After a first week with Labour and the Conservatives (henceforth Labservatives) refusing to talk about civil liberties and human rights, both completely ignoring issues around the government’s authoritarian agenda, the Lib Dems have finally created an opening with the release of their manifesto:
Speaking to the Guardian, the Lib Dem leader said he was shocked by the lack of reference to civil liberties in the Labour manifesto, and highlighted his own plans to scrap the next generation of biometric passports, and its communication base.
He said: “It’s a measure of the authoritarian streak of the Labour party that it didn’t refer once to liberty in its own manifesto.
“Civil liberties and individual freedoms are part of the DNA of the Lib Dems. It makes a compete mockery of the claim by Gordon Brown that he can speak for progressive voters in other parties when his own party has turned its back on one of the cornerstones of progressive politics.
The manifesto, part of which has been seen by the Guardian, proposes to set up a “stop unit” inside the Cabinet Office responsible for preventing anti-libertarian legislation, including the creation of new criminal offences.
Now that really is a clear blue line between the parties. I fully accept that many outcomes of the authoritarian project have been accidental – the RIPA legislation for example hasn’t been used remotely as intended, and nor for that matter has Section 44 of the Terrorism Act, although it’s probably debatable whether either piece of legislation was ever necessary. Joined up thinking like this is what we were promised in 1997, but it never happened.
The Liberal Democrats claimed scrapping biometric passports could save £3bn over the course of a parliament, the first time the party has mentioned this saving. It also calls for regulation of closed-circuit television, measures to stop councils spying on people, and new guidelines to prevent unfair extraditions to the US.
The manifesto says the Lib Dems would stop children being fingerprinted at school without their parents’ permission and promises to restore the right to protest by reforming the Public Order Act to safeguard non-violent protest.
Restrictions would be introduced to narrow the scope of injunctions and there are proposals to protect free speech and investigative journalism.
Very nice. It’s something which was discussed last night at the Hostile Reconnaissance event. Grand principles are being brushed aside in the name of ‘security’, and it’s time particular protections such as these were itemised, codified and legislated for.
The party is in favour of reforms to the English and Welsh libel laws: corporations would have to show damage and prove malice or recklessness to mount a successful court challenge against journalists. The party also calls for a £10,000 cap on individual donations, down from its previous pledge to impose a £50,000 cap.
More like it yet again. Just what were Labour promising again?
At the manifesto launch on Wednesday, Clegg will promise to scrap control orders, which can use secret evidence to place people under house arrest, as well as reduce the maximum period of pre-charge detention to 14 days. The second-generation biometric passport, which includes fingerprints, is not due to be scrapped by the Tories, even though they do propose to drop the national identity register.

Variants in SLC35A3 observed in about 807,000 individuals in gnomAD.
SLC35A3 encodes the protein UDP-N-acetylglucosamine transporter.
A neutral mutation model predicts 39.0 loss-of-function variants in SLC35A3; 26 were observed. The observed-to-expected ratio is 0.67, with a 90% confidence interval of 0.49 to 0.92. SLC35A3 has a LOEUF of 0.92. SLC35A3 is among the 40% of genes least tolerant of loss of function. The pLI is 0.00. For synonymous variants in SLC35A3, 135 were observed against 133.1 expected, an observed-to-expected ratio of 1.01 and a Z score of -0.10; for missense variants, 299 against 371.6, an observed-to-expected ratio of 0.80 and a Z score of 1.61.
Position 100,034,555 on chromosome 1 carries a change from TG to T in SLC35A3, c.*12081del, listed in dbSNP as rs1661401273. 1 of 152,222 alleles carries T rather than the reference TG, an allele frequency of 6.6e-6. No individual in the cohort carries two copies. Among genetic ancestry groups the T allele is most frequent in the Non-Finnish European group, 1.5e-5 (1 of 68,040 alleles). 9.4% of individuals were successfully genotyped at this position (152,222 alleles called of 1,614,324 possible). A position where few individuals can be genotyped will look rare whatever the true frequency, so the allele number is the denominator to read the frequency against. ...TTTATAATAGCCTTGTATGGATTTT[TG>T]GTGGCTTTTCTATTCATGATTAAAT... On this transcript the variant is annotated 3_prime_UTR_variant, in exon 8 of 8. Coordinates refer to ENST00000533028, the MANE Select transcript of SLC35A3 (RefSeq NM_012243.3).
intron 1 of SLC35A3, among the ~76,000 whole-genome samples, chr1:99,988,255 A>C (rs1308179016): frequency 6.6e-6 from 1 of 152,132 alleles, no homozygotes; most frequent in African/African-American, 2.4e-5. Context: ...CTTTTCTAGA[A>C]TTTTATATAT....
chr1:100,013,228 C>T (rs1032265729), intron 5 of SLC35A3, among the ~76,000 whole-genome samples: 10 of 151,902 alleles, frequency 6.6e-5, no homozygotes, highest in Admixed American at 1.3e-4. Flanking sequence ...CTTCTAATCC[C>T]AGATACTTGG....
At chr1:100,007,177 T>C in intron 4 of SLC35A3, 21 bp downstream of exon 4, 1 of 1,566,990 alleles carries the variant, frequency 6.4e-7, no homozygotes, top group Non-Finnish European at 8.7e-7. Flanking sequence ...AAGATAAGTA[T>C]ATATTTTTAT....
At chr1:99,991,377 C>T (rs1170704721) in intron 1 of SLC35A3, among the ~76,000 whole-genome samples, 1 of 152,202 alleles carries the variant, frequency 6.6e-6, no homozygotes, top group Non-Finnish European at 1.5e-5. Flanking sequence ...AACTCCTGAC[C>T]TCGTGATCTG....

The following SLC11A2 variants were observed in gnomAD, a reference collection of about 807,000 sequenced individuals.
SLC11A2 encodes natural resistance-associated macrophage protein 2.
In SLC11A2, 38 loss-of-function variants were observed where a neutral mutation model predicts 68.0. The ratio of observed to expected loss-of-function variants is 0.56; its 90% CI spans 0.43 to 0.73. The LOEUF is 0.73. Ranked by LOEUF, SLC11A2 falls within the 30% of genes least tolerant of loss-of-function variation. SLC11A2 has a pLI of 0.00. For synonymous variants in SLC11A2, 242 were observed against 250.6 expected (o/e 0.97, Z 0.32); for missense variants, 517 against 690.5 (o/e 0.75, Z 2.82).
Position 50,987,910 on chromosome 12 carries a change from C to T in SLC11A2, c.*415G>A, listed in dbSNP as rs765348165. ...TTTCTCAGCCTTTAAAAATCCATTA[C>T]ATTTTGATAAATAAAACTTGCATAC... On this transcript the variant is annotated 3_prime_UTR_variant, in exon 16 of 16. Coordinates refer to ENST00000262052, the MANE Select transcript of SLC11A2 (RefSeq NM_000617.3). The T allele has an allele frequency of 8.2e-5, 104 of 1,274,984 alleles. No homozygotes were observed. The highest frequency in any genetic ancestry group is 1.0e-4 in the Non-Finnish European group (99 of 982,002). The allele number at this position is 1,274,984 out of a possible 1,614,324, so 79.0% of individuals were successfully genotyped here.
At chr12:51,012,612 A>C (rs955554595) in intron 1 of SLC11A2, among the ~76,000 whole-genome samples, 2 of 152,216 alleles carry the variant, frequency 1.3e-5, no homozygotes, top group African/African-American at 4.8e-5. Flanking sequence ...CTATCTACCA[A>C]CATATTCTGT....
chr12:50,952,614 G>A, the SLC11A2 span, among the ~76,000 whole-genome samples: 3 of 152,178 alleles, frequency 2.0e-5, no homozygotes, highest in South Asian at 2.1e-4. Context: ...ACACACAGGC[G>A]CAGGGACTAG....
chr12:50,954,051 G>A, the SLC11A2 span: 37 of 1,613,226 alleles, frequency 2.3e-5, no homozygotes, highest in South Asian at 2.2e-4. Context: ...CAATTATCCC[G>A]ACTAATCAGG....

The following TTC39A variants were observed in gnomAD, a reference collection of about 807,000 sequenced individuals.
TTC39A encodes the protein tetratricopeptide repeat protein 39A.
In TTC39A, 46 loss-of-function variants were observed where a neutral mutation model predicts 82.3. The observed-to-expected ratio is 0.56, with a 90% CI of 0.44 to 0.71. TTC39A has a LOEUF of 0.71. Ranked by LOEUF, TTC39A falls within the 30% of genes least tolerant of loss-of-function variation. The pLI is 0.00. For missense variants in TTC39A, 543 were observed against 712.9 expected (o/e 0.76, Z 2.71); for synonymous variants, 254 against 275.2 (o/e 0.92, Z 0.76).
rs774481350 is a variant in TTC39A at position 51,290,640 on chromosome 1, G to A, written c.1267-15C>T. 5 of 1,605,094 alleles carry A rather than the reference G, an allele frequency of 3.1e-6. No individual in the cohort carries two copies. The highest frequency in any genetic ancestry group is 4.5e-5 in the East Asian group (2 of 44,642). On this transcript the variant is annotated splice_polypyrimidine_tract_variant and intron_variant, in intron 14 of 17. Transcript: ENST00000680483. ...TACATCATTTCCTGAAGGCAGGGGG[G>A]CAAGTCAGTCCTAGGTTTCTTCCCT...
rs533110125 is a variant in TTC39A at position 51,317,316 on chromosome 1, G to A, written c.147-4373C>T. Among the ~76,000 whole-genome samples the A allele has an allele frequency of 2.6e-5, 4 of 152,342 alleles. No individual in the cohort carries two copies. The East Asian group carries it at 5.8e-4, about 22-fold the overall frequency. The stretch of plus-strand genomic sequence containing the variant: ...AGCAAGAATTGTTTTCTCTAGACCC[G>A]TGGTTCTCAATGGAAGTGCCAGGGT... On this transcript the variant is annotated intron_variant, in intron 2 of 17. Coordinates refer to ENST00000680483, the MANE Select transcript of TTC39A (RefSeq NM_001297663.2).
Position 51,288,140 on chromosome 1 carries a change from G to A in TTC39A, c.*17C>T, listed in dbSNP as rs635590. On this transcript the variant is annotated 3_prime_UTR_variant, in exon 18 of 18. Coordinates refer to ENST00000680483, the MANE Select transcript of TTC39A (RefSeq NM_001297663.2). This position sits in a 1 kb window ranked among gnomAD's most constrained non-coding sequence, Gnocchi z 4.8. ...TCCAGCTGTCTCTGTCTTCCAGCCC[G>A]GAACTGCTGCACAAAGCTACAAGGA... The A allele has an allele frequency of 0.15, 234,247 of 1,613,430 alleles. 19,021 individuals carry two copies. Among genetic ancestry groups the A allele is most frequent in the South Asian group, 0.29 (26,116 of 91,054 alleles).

What’s clear here is that the Lib Dems are committed to rolling back the authoritarian agenda itself. The Tories are promising to make tweaks here and there and changes of focus, but the agenda itself under them would without question remain. These commitments give voters a reason to vote for them actively, rather than just voting against the other main parties. I wonder though what pressures they would find themselves under if they really were in government, given that (again as came out in the Hostile Reconnaissance event last night) the party is wedded to neoliberal economic policies? So much of Labour’s agenda has arisen from that reality, and I wonder what any Lib Dem’s views on this are.
But the Lib Dems will argue it is not necessary to spend billions of pounds on storing fingerprints in passports, and say Britain already has a type of biometric passport known as an e-passport, which stores 16 facial measurements (along with your name and passport number) in the chip at the back.
Clegg said he would also scrap the communications database for which companies would be paid to store information about everyone’s email and internet use, including storing data about what you do on social networking sites such as Facebook and online computer games.
It sure sounds good. Is it now incumbent for as many of us as possible to vote Lib Dem at any cost in order to express our feelings on this vitally important issue?
This is what is known on t’internet as a #fail. A future built on Green and digital industries? Vestas anyone? Digital Economy Bill? More police on the beat, yet less accountable than ever before, and more frequently a law unto themselves. Voicing opinions more than once every five years? Why then such strident attacks on protest and photographers; why ignore mass protests like the campaign against the Digital Economy Bill? If people’s opinions really are that important why kick the referendum on voting reform into touch? And where’s a fully elected Senate to replace the House of Lords? Do these people think we’re idiots?!
If by some miracle New Labour manages to get re-elected again based on this, we’re going to Hell sooner than I’d imagined…